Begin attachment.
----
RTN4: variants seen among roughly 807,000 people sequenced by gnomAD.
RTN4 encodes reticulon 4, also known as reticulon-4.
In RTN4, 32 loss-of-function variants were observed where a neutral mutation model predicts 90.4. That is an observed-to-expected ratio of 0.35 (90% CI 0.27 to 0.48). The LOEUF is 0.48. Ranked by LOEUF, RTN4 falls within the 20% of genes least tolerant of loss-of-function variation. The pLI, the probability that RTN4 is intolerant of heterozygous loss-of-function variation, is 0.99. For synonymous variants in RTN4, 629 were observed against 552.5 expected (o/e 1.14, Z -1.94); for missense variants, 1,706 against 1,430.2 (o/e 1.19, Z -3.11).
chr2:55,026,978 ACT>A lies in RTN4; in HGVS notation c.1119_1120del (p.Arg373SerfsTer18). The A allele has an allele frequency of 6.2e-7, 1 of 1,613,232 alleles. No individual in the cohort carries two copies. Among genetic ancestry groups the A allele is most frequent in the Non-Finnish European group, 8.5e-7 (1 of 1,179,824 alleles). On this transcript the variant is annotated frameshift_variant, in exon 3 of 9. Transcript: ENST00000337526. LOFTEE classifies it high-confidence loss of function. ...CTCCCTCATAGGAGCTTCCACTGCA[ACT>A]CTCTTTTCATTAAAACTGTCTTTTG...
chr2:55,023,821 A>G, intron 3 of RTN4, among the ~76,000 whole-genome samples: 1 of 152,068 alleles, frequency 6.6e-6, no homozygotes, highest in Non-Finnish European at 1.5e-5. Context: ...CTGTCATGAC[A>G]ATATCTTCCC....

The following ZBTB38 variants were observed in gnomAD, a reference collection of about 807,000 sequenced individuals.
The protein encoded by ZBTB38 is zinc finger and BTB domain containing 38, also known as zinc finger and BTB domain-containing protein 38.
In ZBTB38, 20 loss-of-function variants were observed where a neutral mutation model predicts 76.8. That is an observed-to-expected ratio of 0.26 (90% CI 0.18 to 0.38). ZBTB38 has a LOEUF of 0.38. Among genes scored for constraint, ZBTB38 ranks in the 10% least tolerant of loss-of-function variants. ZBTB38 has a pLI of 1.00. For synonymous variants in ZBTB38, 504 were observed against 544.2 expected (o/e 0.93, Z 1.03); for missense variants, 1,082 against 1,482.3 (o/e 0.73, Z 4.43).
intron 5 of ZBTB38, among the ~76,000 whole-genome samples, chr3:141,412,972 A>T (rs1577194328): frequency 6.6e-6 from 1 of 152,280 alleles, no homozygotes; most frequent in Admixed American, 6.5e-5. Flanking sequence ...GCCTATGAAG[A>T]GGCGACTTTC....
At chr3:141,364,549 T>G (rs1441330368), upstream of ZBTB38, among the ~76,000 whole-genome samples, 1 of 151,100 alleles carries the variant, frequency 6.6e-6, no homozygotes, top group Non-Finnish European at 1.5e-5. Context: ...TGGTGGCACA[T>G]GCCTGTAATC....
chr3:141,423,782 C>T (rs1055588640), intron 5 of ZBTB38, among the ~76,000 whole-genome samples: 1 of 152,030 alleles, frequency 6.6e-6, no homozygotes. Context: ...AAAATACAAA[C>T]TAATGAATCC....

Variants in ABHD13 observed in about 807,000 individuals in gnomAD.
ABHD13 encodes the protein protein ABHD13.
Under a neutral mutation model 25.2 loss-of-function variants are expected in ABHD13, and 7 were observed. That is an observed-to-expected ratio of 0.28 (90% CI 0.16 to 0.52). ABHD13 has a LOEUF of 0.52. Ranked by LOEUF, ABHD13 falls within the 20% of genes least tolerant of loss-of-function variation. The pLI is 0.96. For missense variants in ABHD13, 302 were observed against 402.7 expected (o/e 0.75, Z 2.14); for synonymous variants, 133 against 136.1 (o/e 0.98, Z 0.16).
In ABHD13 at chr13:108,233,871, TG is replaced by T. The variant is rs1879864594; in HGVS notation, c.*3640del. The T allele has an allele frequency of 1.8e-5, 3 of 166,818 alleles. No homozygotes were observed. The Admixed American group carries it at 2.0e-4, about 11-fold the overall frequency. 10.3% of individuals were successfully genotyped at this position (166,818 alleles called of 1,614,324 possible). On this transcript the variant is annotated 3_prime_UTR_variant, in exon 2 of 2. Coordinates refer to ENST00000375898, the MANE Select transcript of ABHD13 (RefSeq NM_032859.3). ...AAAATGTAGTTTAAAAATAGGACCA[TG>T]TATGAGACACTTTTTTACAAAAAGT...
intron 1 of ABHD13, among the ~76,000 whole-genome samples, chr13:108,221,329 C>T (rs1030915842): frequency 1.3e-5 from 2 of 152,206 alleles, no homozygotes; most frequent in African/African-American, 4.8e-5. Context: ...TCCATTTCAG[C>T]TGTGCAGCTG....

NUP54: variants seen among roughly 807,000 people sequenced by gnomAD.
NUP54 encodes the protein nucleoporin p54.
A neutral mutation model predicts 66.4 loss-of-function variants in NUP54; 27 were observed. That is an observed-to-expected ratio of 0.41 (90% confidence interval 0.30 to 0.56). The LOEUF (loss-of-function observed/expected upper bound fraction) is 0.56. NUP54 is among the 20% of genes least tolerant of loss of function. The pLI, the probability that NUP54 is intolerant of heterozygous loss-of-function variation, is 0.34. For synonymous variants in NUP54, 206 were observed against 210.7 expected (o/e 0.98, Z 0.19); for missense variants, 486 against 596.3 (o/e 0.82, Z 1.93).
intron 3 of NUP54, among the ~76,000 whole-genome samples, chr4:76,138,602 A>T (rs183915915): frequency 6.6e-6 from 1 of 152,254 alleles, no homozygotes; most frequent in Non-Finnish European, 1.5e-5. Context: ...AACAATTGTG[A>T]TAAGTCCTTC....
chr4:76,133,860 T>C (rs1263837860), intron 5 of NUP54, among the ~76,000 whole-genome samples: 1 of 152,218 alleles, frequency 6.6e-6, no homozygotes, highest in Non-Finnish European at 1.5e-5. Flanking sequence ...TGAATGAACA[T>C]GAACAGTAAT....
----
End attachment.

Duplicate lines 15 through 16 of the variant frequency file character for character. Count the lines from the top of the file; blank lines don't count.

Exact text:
In ABHD13 at chr13:108,233,871, TG is replaced by T. The variant is rs1879864594; in HGVS notation, c.*3640del. The T allele has an allele frequency of 1.8e-5, 3 of 166,818 alleles. No homozygotes were observed. The Admixed American group carries it at 2.0e-4, about 11-fold the overall frequency. 10.3% of individuals were successfully genotyped at this position (166,818 alleles called of 1,614,324 possible). On this transcript the variant is annotated 3_prime_UTR_variant, in exon 2 of 2. Coordinates refer to ENST00000375898, the MANE Select transcript of ABHD13 (RefSeq NM_032859.3). ...AAAATGTAGTTTAAAAATAGGACCA[TG>T]TATGAGACACTTTTTTACAAAAAGT...
intron 1 of ABHD13, among the ~76,000 whole-genome samples, chr13:108,221,329 C>T (rs1030915842): frequency 1.3e-5 from 2 of 152,206 alleles, no homozygotes; most frequent in African/African-American, 4.8e-5. Context: ...TCCATTTCAG[C>T]TGTGCAGCTG....